Finland monitors Russia's movements as it waits for acceptance into NATO
A MARTINEZ, HOST:
Sweden and Finland will officially seek NATO membership. This move, which was brought on by Russia's invasion of Ukraine, reverses a decades-old policy of neutrality by the two Nordic countries. It has also raised questions about whether expanded NATO membership will help contain Russia or provoke it even further. Our colleague Steve Inskeep spoke with Finnish ambassador to the U.S. Mikko Hautala last night.
STEVE INSKEEP, HOST:
Ambassador, we had an analyst on the program last week who said the most vulnerable time for Finland is, essentially, now, between when you asked for NATO membership and when you get it and are protected by NATO. How dangerous is this moment?
MIKKO HAUTALA: Well, I think it's something that we have to be mindful of. Currently, the situation is really calm. We don't see any military threats directed against us. Our president had a phone call with President Putin. And it seems to be the case that Russia understands the way things are, how things are moving. That doesn't mean that we could sort of take it easy. We have been planning for this, preparing for this. But for the moment, it looks like things are going to be OK.
INSKEEP: Ambassador, I'm interested that your president spoke with President Putin over the weekend. I know they've had a very long-standing relationship. They've known each other a long time.
INSKEEP: Can you characterize how that call went?
HAUTALA: The call was long. It was substantial. It was done in a constructive mode. They've known each other for, now, 10 years, so they know how the other side thinks. But we informed Russia how we are going to move. And of course, now it's up to Russians to decide how they will define their policies.
INSKEEP: If people don't know, I'd like them to know that you have been Finland's ambassador to Moscow in the past, which means you've had your own opportunity to study Vladimir Putin. Do you feel you understand how he's going to respond?
HAUTALA: My own conclusion also is that Russia, first of all, they do realize that Finland has been integrating with NATO for almost 30 years. We have had really good bilateral cooperation also with the U.S. So for the Russians, this is not such a radical move. It's a rather small step at the end of the long road. I don't believe that they have too much interest there to somehow bring this story to their own audience because I think, rather, they have an interest there to keep the tone relatively low.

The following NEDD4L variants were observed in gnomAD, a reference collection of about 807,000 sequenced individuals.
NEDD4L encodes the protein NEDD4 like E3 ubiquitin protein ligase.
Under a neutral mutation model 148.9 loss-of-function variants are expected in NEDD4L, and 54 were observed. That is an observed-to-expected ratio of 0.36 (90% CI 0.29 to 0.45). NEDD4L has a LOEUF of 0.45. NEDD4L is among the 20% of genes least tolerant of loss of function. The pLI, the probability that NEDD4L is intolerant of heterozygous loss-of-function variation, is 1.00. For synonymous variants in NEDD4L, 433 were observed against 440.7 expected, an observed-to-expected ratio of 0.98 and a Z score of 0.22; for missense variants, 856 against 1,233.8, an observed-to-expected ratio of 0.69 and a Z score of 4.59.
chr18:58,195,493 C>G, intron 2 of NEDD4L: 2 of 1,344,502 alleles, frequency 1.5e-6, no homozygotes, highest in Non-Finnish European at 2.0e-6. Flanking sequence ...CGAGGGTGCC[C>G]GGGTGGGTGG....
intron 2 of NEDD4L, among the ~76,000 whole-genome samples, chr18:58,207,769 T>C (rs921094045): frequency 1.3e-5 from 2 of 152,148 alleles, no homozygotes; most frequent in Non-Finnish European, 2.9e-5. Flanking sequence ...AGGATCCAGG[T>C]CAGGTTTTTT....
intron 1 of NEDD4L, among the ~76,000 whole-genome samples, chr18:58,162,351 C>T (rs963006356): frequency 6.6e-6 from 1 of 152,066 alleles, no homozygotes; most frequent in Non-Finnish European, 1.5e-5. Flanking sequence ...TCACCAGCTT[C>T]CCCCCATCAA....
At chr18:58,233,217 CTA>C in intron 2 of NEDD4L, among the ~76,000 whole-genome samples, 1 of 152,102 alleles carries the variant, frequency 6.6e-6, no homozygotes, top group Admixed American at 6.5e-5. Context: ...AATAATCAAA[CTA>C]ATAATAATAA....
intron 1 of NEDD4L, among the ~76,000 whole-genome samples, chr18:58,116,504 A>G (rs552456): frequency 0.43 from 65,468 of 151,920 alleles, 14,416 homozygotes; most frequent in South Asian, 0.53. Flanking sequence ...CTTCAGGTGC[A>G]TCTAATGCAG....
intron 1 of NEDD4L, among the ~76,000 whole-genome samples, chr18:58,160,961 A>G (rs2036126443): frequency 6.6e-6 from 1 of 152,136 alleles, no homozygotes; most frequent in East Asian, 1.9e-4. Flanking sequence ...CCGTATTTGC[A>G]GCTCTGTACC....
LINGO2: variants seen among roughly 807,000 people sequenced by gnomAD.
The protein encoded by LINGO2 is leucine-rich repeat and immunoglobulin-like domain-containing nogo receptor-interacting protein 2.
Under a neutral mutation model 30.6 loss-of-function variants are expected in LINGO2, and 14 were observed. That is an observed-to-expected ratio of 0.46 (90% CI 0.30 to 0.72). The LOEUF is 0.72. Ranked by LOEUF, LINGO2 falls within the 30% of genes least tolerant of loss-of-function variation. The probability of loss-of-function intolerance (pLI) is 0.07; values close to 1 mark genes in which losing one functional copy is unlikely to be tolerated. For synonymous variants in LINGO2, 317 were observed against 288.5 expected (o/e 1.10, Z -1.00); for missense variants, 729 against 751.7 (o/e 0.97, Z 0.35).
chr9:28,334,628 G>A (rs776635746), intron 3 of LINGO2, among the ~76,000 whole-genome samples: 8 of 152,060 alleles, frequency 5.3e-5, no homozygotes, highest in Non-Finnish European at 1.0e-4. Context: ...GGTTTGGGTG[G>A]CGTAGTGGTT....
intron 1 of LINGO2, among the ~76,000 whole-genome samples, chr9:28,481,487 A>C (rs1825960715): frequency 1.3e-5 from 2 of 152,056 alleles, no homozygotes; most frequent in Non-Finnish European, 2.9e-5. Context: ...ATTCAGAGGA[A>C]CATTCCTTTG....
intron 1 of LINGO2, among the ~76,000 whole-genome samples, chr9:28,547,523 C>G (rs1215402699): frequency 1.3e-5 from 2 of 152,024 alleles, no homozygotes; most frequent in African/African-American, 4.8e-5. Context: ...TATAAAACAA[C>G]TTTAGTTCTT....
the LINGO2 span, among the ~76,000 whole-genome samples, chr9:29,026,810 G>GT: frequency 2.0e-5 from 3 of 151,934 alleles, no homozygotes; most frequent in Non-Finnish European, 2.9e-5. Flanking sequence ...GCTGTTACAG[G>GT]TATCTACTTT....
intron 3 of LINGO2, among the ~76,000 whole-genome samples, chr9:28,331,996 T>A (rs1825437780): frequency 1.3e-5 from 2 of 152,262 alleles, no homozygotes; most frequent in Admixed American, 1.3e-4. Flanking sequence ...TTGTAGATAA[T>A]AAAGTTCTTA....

INSKEEP: Wait. When you say bring this story to their own audience, you're saying that they would rather not make a large controversy that would be noticed by the Russian people?
HAUTALA: Yeah. I don't think they have an interest to do that for a simple reason that this is not something that they had in mind or had hoped for.
INSKEEP: Let's talk about a complexity that may happen after you submit your formal application to NATO.
INSKEEP: All existing members of NATO have to ratify membership. Turkey's president and foreign minister have raised concerns in recent days. The foreign minister claims that Finland, quote, must stop supporting terror groups, which is how Turkey refers to the Kurdistan Workers' Party - or PKK. They've made some other demands as well. Do you accept that you're doing anything wrong that must be corrected?
HAUTALA: Well, PKK is considered a terrorist group by the EU and by Finland. So obviously, we do not have any sort of relationship to those kind of claims. Also, in the past, sometimes it happens that some member states raise some unrelated issues as a part of the discussion process. And of course, we will continue our negotiations and discussions with the Turks. We have also heard from the Turkish president a very positive message towards our membership. So I really can't say that we have any specific demands or arguments from them.
INSKEEP: Do you see any risk that you formally ask for NATO membership, thus displeasing Russia, and then don't get NATO membership, any risk of that at all?
HAUTALA: We have done a lot of pre-screening of the of the process. And so far, our assessment, on the basis of the contacts that we've had with the member states, is positive. But obviously, we haven't done the whole thing until everybody has agreed. So it's an open issue still.
INSKEEP: Do you see a possibility that Finland's border with Russia becomes a kind of cold war border, as it somewhat was during the actual Cold War?
HAUTALA: Well, I think it now depends, of course - obviously, we have an interest in maintaining a functioning border in which there is no much tension. But NATO already has five member states with direct border with Russia. All of them have border cooperation. So I don't think our case would be any different from these other five member states which have border with the Russians.
INSKEEP: Mikko Hautala is Finland's ambassador to the United States. Ambassador, thank you so much.
HAUTALA: Thank you. Thanks for having me.
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